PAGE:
If you can answer these sort of questions on your website a potential client will be saved the embarrassment of having to ask those questions or even worse, turning up and not being able to have a treatment. I’m not suggesting that you all go out a buy heavy duty couches or chairs, but perhaps clearly publish the weight limit of your couch. Put up photos of your room, the chairs, the couch and the loo. A portaped next to a chair may be an alternative if someone is too heavy for your couch – but make sure they know that this is available. If you are mobile, although slightly more awkward, you may also be able to reassure people. However, if you decide to treat them in their own reclining chair for example, make sure you are comfortable, there’s no point in injuring yourself.
This is what I have on my website, and I wrote this for me as a potential client. I realise I am very blessed to have this space and this equipment and not everyone can have this, but if you are clear with what you do have, clients, like myself with feel more at ease in booking in.
“At my home I hope I have the perfect treatment room for you. There is ample on-street parking outside so you should be able to park very close by. There is a ramp up to the door so no need to worry about steps. I have a couple of sturdy chairs for us to sit on (without arms) and the couch takes up to 32 stones (203 kgs). There is a lovely toilet just off the room (with a couple of grab rails to help)
The couch is height adjustable and the head can be raised and also the legs, supporting the knees and taking pressure off the lower back. I have a series of cushions (called The Comfy Client) that help make you comfortable especially when you are lying on your tummy. It is my great desire to provide a safe space for all, where you will be valued, respected and cared for, with ease and comfort.”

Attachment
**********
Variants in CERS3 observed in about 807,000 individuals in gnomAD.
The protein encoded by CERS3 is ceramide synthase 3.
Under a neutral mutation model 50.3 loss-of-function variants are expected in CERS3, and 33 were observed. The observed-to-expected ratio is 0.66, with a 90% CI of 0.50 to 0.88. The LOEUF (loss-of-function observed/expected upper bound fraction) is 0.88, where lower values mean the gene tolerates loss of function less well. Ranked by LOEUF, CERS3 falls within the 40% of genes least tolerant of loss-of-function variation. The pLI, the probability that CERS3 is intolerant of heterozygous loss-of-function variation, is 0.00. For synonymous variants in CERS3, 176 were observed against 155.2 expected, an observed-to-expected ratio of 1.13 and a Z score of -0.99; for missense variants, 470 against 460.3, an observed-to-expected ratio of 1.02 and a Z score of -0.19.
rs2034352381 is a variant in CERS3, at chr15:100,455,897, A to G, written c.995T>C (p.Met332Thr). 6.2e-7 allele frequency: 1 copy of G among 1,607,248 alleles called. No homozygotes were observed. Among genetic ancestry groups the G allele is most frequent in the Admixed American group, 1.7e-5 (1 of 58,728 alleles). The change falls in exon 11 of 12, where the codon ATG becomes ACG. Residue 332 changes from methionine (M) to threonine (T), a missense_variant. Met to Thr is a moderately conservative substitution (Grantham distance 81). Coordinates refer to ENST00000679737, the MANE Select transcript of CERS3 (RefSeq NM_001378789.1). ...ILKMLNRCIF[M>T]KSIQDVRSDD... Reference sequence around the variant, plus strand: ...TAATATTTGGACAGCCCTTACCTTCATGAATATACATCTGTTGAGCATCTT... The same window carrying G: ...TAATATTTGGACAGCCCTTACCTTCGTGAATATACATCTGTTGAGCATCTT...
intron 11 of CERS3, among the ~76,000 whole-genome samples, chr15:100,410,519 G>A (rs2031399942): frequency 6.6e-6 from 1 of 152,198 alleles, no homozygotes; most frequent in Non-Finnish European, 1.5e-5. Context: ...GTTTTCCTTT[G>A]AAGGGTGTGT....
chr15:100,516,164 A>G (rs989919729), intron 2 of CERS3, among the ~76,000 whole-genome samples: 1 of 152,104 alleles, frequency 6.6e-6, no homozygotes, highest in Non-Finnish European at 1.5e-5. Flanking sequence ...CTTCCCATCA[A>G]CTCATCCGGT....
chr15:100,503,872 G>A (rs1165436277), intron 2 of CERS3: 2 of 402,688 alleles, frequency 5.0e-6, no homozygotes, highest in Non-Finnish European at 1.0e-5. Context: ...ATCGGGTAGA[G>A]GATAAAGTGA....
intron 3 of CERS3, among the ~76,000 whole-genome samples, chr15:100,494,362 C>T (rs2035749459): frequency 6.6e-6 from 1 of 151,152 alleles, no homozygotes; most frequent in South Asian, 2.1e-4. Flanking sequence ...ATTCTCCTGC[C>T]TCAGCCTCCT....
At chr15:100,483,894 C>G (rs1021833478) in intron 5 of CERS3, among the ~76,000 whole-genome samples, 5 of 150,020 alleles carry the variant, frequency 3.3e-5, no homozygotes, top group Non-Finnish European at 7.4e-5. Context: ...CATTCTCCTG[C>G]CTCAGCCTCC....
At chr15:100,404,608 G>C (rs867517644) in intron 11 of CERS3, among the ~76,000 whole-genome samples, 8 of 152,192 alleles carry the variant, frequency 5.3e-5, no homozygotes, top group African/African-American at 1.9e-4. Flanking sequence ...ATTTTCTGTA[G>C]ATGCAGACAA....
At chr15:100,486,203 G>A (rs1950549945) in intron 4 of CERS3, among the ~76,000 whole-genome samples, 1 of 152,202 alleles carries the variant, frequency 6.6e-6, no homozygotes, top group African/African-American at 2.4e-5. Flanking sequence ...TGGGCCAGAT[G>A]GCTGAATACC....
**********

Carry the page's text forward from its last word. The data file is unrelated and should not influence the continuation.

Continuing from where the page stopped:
One more thought, if you are a trainer, delivering courses to therapists, can also you make sure the facilities are suitable. Recently I was booked on a course over two weekends and the trainer, having met me in real life knew all about my size and mobility problems and I disclosed them on the booking form. I said I would bring my portaped so I wouldn’t need a couch but at 5pm the night before I was due to travel I was told that the venue was not suitable for me and I wouldn’t be able to attend the course. The venue had a website that didn’t say anything about potential problems (I had checked before I booked) although the terms of rental apparently did say that the rooms was not suitable for those with mobility problems and the infirm. Obviously I did not see those terms as I booked direct with the trainer. This was incredibly distressing for all concerned and needn’t have happened.
We all deserve kindness and respect and to receive love and acceptance, wherever we are in our journey, is the first step in our healing. Thank you, Hilary
© www.hilaryleach.co.uk October 2018 with permission for Sue Ricks to publish in her newsletter.